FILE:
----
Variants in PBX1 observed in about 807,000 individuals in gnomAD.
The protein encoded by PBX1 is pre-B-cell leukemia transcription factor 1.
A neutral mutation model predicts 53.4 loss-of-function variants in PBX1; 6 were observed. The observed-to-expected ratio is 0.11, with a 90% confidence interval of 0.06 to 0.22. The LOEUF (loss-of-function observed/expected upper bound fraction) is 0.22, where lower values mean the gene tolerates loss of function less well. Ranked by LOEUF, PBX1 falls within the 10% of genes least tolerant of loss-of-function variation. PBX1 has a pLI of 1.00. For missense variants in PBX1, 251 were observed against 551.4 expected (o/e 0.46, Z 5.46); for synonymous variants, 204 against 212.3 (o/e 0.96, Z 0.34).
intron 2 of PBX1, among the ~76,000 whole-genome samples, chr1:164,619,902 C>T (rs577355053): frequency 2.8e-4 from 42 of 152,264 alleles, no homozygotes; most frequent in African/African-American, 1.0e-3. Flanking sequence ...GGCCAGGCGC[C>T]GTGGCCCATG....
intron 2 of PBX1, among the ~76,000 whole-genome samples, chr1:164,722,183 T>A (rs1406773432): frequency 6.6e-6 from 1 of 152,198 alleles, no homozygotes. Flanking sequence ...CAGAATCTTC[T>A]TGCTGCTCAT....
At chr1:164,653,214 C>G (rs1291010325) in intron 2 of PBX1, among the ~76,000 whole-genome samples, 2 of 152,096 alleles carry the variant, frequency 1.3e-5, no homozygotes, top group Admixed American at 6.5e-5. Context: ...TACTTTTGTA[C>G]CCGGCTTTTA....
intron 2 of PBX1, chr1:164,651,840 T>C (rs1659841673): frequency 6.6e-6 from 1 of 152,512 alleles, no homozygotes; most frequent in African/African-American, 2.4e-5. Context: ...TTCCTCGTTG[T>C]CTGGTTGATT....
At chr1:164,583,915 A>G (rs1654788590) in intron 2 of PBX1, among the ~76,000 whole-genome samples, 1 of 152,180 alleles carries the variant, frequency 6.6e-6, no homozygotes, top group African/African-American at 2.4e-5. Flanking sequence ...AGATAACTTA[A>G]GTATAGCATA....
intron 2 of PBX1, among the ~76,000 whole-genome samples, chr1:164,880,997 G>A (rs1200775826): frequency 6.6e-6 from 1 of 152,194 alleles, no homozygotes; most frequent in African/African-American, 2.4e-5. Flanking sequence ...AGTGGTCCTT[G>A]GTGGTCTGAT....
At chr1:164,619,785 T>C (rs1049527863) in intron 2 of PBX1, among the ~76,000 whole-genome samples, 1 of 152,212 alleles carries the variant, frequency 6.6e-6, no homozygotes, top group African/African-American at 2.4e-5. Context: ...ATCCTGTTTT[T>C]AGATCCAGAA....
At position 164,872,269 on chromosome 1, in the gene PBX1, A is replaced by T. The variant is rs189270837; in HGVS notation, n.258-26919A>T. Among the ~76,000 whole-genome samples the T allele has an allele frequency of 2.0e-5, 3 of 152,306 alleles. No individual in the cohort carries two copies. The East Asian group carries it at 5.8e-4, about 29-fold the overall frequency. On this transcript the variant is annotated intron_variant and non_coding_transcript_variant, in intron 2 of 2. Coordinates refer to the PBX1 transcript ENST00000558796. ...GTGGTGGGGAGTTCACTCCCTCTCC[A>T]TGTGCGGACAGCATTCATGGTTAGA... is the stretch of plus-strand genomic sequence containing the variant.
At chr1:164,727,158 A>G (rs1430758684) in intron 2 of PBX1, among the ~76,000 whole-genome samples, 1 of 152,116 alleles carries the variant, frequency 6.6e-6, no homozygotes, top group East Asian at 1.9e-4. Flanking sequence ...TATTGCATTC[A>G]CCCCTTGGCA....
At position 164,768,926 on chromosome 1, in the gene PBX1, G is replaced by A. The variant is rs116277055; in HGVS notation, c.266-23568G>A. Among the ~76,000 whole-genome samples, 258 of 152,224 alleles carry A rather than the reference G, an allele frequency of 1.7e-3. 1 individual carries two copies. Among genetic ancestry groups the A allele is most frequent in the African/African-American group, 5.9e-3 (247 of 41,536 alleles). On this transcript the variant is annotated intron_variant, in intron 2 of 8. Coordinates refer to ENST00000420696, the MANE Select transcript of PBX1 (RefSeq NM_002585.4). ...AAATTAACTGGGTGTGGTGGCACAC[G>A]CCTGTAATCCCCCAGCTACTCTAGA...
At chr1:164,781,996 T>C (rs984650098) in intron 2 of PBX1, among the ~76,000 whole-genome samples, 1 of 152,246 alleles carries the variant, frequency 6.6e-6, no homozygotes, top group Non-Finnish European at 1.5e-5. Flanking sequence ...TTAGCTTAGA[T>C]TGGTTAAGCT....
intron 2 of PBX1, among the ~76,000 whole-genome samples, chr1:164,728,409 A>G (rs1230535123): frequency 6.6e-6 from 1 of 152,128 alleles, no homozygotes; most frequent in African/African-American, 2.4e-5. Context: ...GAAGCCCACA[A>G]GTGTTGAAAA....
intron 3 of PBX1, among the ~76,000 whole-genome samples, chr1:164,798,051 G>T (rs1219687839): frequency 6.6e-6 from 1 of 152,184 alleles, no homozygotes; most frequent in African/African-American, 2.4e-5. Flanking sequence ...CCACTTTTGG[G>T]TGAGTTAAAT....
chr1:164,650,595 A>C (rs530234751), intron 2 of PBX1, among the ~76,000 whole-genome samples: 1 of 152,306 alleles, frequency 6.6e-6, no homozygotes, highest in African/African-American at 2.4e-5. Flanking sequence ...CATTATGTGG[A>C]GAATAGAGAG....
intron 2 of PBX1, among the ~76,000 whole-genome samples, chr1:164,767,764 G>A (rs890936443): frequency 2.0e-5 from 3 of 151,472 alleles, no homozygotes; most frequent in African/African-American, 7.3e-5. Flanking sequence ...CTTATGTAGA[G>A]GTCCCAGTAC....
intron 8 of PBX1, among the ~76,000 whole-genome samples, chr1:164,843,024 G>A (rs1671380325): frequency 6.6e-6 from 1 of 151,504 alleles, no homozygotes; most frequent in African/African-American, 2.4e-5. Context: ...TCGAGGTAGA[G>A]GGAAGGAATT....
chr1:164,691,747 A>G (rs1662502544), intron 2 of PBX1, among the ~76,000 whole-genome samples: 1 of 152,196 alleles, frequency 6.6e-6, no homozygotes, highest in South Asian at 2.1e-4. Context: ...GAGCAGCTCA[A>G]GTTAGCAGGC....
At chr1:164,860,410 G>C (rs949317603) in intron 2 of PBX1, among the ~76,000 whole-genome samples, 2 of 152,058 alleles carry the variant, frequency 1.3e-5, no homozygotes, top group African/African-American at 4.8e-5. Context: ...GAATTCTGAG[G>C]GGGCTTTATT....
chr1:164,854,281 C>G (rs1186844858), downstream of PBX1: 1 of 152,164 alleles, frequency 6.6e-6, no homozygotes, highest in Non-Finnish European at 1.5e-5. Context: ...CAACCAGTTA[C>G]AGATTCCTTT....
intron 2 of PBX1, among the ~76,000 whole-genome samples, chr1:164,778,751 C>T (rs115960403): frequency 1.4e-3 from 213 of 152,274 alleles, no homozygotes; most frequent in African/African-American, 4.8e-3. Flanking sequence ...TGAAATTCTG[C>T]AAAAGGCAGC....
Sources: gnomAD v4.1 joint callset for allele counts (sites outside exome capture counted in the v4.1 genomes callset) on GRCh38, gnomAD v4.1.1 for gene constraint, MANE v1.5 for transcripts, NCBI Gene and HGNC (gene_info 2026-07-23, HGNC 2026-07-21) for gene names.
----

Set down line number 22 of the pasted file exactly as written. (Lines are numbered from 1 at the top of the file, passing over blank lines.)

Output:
chr1:164,854,281 C>G (rs1186844858), downstream of PBX1: 1 of 152,164 alleles, frequency 6.6e-6, no homozygotes, highest in Non-Finnish European at 1.5e-5. Context: ...CAACCAGTTA[C>G]AGATTCCTTT....